The tale goes that Vishnu descends as Vatukmurti or Vaman avatar on the earth to establish dharma. He comes during the ashwamedha yagya being performed by Raja Mahabali. As Vaman Bhagwan asks for three steps of land, his second step covers all of heaven and earth, beyond tapalok, surpassing maharloka and janaloka. Bali removes his crown and offers his head as the third step. In return, Vishnu agrees to be his guard at the gates of pataal-loka, where Mahabali has now to reside. This piece was presented in the format of raagam tanam pallavi in ragam todi set to maishra jampatalam."

(Bala, contd) “Arjuna through karmayog sees the universal form of Vishnu in the Kurukshetra war. Arjuna is bewildered to see Drona, Karna and all his relatives facing him, and refuses to fight. Krishna says, “Yeh to sab mar chuke hain. Tum to nimitt matra ho. You are just an instrument of their death.” Krishna shows him His Vishwaroop - the glorious form with many eyes, many heads, many limbs and his relatives as choorna in the mouth of the Lord. Arjuna is scared to see this image. He is bhayabheet and his emotions transcend the navarasa. He tells the Lord, “I have reached you through sakhya bhakti. So please do not show me this form of yours. I want to see you in the chaturbhuj roop." The lord says, “Kaloasmi – I am time.” (Bala sings with fervour). Aisi  drishti kisi ko nahin di Arjun, jaisi tumko di. Chalo yudh karo.” A trembling Arjuna falls at the Lords feet again and again from all directions (ashtadig). As an artist you have to transcend, you have to be the character and yourself too. And that is the beauty of a performance. You have to take the audience with you and if you have touched even one soul, you are successful."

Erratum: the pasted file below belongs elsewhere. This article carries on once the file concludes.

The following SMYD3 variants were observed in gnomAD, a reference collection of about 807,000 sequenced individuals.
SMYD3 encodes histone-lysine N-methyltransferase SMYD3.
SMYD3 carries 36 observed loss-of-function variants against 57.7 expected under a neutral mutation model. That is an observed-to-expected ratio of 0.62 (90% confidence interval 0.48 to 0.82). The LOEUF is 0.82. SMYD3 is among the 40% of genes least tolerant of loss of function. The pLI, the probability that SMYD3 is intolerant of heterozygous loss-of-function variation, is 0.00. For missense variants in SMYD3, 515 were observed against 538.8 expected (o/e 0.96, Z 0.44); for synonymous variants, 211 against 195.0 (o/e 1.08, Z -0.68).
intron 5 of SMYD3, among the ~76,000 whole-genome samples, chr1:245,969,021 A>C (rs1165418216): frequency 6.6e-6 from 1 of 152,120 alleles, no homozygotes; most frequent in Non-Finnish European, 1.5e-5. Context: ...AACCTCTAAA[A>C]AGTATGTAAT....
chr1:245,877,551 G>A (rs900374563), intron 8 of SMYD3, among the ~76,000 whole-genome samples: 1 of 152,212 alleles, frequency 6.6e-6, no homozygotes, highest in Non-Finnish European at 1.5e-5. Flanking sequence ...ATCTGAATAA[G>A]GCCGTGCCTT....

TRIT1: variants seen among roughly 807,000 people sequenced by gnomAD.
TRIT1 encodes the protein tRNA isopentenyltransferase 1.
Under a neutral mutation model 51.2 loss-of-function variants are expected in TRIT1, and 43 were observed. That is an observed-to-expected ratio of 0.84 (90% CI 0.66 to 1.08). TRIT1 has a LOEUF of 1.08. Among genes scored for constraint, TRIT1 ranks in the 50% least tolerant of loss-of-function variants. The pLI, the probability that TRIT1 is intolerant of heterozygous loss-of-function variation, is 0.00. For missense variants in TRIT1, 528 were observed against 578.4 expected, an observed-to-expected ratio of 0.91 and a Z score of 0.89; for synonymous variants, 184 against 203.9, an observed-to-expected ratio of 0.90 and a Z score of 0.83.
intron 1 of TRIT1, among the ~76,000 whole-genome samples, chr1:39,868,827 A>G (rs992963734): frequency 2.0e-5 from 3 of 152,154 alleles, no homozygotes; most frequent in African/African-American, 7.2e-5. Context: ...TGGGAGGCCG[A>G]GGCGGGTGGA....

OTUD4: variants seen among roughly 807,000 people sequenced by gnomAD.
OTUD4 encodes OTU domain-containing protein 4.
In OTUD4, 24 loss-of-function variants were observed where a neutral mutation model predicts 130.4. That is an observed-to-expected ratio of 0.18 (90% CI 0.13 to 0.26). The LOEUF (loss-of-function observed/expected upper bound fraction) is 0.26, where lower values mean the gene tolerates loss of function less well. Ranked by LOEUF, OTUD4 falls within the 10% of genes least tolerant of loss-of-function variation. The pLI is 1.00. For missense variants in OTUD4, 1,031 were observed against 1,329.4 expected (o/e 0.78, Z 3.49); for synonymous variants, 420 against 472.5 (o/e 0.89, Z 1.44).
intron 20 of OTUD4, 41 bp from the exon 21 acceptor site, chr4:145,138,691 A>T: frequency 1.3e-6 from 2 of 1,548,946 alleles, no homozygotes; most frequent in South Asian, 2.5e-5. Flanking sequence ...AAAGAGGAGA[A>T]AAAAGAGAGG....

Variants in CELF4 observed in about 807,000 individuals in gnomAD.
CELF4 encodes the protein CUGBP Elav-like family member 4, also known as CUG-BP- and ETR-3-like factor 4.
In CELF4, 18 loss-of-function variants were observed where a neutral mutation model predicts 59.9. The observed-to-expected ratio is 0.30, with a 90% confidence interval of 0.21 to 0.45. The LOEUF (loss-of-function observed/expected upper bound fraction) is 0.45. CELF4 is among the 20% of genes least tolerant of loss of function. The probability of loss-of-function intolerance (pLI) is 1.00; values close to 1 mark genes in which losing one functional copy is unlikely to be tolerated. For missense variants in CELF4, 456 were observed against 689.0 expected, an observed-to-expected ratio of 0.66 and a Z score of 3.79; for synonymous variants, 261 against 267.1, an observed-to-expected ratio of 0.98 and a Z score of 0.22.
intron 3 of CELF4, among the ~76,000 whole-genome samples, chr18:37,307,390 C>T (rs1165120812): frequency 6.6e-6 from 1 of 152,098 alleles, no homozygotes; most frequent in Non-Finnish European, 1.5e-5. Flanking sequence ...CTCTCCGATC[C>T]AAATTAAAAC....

As the tale unfolds, Vishnu in the form of Krishna shows His universal form to Arjuna in the Kurukshetra war to destroy his delusion and sorrow. He says, "This form of mine which is luminous, endless, universal and primordial has not been witnessed before." This piece was presented in a rhythm format. Throughout the act, Bala exhibited a lot of energy with her leaps, stretches and stances. Her nritta and nritya was executed with perfection and the abhinaya touched the heart of the audience.

In the third act, the tale of Markandeya Rishi was narrated. Bala said, “Markandeya rishi during the time of pralaya or dissolution of the world sees the destruction of his ashram. He is attracted by the breathing of the Lord as a baby on the pepal leaf (Vatapatra shayee). Markandeya wished to see the Lord’s yogmaya. The baby is sucking his toe. Markandeya is drawn into the stomach of the Lord as He inhales and sees the entire universe inside Him. Thrown out by the exhalation, whatever the sage sees or touches, he feels Vishnu and experiences Him (Yum Yum Pashyati Yo Yo Sparshati Vishnu Bhav Samsevyam). The sage calls out, “Vishwam Vishwam.”" This piece was presented in the form of a tillana and tarana.

It was followed by Mangalam. Everything about the Lord is auspicious. His name, His ornaments, His lotus eyes and all that is associated with Him. As a result of his misdeeds, man is caught in a vicious cycle of birth and death. It is only by the dhyan (contemplation) of Lord Vishnu that one is relieved of all sins and the cycle of birth and death. Bala finished the piece with a stance showing the varadhasta of Lord Tirupathi.

Bala asserted that the entire performance had the vocabulary of Bharatnatyam. A mallari to begin with, varnam in the Yashoda act, followed by ragam tanam pallavi and rhythm format. This was followed by a tillana and tarana. “I took the technical angle also. It is not just a ballet. If a student comes with the intention of learning, he or she will find the entire Bharatnatyam vocabulary," she said.


Compilation – Pujya Shri Swami Shantananda Puri of Thiruvannamalai
Concept and choregraphy – Baladevi Chandrashekhar
Script – Dr. Pappu Venugopala Rao
Music – Rajkumar Bharati
Vocals – G Sreekanth, Keerthana
Mridangam – G. Vijayaraghavan
Tabla and other percussion – Ganapathi
Veena – Bhavani Prasad
Violin – Embar Kannan
Flute – Vishnu
Lighting – Sandeep Dutta
Sound – Pandey

Swamini Gurupriyananda, Head, Chinmaya Ranjan with Geeta Chandran and Bala Devi Chandrashekhar

And finally, for both performances, excellent compering as always by Rajiv Chandran which makes a direct connect with the audience.

Rajiv Chandran

Pics: Anoop Arora

Note: This article first appeared in